the youth career advantage

Published on May 11, 2020

Youth is an advantage in your career.

When you are young, it can feel as though you are not qualified for any particular job. For instance, when I was getting started in my career, I wondered who would ever hire me as a writer versus someone with actual experience in writing. Would I need a university degree so that I could get ahead and “catch up” with everyone else?

But, somehow, I got a job in writing, and here I am today. I think one of the biggest reasons why I was able to get to where I am is because I sold myself not just as a writer, but as someone who was young and able to provide a fresh perspective on new and old ideas.

Being young confers upon you an advantage that is both fleeting and valuable. You will lose it at some point, but when you have it, you should use it to the best extent. There’s no better way to describe it than “the youth advantage.”

As a young person in your career, you will still be figuring things out. That’s perfectly acceptable, because everyone goes through periods where they are finding the ropes.

Nobody expects someone in their first restaurant job to know how to cook a steak to perfection. Likewise, nobody expects a young programmer to know all the best practices associated with developing programs in a professional workplace.

While this may sound like a disadvantage, your naivete means that you are able to see things from different perspectives.

I have often found myself asking: why are we doing something this way? This is a tendency that young people are uniquely positioned to have.

Young people early in their careers have limited experience, which also means they have limited biases that cause entrenchment in their ways of thinking. They can’t say “this is the way it’s always been” or “this has worked for five years” because they haven’t seen anything in action yet -- they are still developing their senses.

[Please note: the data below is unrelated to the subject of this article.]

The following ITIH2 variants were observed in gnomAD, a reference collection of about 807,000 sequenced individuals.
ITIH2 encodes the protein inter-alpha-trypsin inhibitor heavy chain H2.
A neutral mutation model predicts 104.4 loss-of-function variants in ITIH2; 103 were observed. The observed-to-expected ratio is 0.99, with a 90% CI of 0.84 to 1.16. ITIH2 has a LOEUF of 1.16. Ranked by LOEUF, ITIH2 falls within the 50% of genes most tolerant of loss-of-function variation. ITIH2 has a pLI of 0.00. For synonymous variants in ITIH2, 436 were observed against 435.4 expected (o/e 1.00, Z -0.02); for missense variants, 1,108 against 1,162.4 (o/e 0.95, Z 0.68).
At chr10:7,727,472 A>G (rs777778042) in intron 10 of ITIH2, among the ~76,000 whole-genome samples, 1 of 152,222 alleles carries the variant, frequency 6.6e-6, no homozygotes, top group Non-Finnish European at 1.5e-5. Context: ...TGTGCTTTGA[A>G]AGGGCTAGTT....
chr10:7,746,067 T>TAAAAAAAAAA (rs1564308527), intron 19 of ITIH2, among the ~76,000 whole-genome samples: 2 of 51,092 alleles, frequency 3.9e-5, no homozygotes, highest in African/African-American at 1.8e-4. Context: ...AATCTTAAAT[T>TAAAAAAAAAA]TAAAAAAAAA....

That’s not all. Young people are also well connected with being young, because they are still going through the experience today. No marketing executive, no matter how insightful and perceptive, can truly understand the sixteen-to-twenty-four demographic without actually talking with people in that range -- without speaking to their target customers.

If you are young and worried about having a lack of experience, don’t be.

Instead of selling your experience, sell the youth advantage. Tell companies that you may not be an expert at something, but that you are willing to learn. Remind them that because you are not an expert, you’ll be able to bring fresh insights to their business.

Many of those insights will derive from your naivete, whereas others will derive from the fact that you are young, and businesses who don’t have young employees typically struggle to get a good youth perspective on their ideas.

Being young does mean that you will make mistakes in your career. These, however, are positive learning opportunities: every time you make a mistake, you’ll refine your senses toward the best ways to do something.

Interestingly, this is how the youth advantage dies out over time: as you learn, it becomes more difficult to ask “why do we really need to be doing this?” because you start to become accustomed to certain ways of doing things. That’s why you need to capitalize on this advantage early.

The youth advantage is your way of breaking into the labor market without any experience. Sell your ability to look at things from a new perspective. It may not sound as impressive as “I know how to code in JavaScript, and I have four years of experience to back it up,” but if you’re just getting started, it’s all you’ve got.

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